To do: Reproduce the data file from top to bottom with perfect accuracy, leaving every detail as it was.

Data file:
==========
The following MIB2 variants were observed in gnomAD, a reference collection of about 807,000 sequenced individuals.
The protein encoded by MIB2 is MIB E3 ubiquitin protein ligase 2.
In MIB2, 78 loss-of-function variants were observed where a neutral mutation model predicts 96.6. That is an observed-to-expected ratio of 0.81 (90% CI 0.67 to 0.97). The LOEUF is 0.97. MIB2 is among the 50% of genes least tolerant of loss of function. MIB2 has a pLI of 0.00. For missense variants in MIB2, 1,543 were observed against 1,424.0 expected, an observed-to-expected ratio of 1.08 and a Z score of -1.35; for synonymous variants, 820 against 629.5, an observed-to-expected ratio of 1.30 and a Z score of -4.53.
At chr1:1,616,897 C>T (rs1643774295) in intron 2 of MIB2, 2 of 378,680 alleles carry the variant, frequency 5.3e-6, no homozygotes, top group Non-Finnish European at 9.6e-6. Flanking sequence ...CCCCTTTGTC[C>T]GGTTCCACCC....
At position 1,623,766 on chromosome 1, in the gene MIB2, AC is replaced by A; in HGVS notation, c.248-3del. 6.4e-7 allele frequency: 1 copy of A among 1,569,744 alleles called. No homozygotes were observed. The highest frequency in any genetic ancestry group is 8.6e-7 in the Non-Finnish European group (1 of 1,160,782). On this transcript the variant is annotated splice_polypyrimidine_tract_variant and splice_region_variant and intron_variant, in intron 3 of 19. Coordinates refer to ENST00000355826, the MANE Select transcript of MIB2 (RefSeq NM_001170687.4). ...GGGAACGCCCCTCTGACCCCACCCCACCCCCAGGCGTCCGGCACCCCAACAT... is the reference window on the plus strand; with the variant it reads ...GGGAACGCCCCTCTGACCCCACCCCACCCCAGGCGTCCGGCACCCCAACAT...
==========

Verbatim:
The following MIB2 variants were observed in gnomAD, a reference collection of about 807,000 sequenced individuals.
The protein encoded by MIB2 is MIB E3 ubiquitin protein ligase 2.
In MIB2, 78 loss-of-function variants were observed where a neutral mutation model predicts 96.6. That is an observed-to-expected ratio of 0.81 (90% CI 0.67 to 0.97). The LOEUF is 0.97. MIB2 is among the 50% of genes least tolerant of loss of function. MIB2 has a pLI of 0.00. For missense variants in MIB2, 1,543 were observed against 1,424.0 expected, an observed-to-expected ratio of 1.08 and a Z score of -1.35; for synonymous variants, 820 against 629.5, an observed-to-expected ratio of 1.30 and a Z score of -4.53.
At chr1:1,616,897 C>T (rs1643774295) in intron 2 of MIB2, 2 of 378,680 alleles carry the variant, frequency 5.3e-6, no homozygotes, top group Non-Finnish European at 9.6e-6. Flanking sequence ...CCCCTTTGTC[C>T]GGTTCCACCC....
At position 1,623,766 on chromosome 1, in the gene MIB2, AC is replaced by A; in HGVS notation, c.248-3del. 6.4e-7 allele frequency: 1 copy of A among 1,569,744 alleles called. No homozygotes were observed. The highest frequency in any genetic ancestry group is 8.6e-7 in the Non-Finnish European group (1 of 1,160,782). On this transcript the variant is annotated splice_polypyrimidine_tract_variant and splice_region_variant and intron_variant, in intron 3 of 19. Coordinates refer to ENST00000355826, the MANE Select transcript of MIB2 (RefSeq NM_001170687.4). ...GGGAACGCCCCTCTGACCCCACCCCACCCCCAGGCGTCCGGCACCCCAACAT... is the reference window on the plus strand; with the variant it reads ...GGGAACGCCCCTCTGACCCCACCCCACCCCAGGCGTCCGGCACCCCAACAT...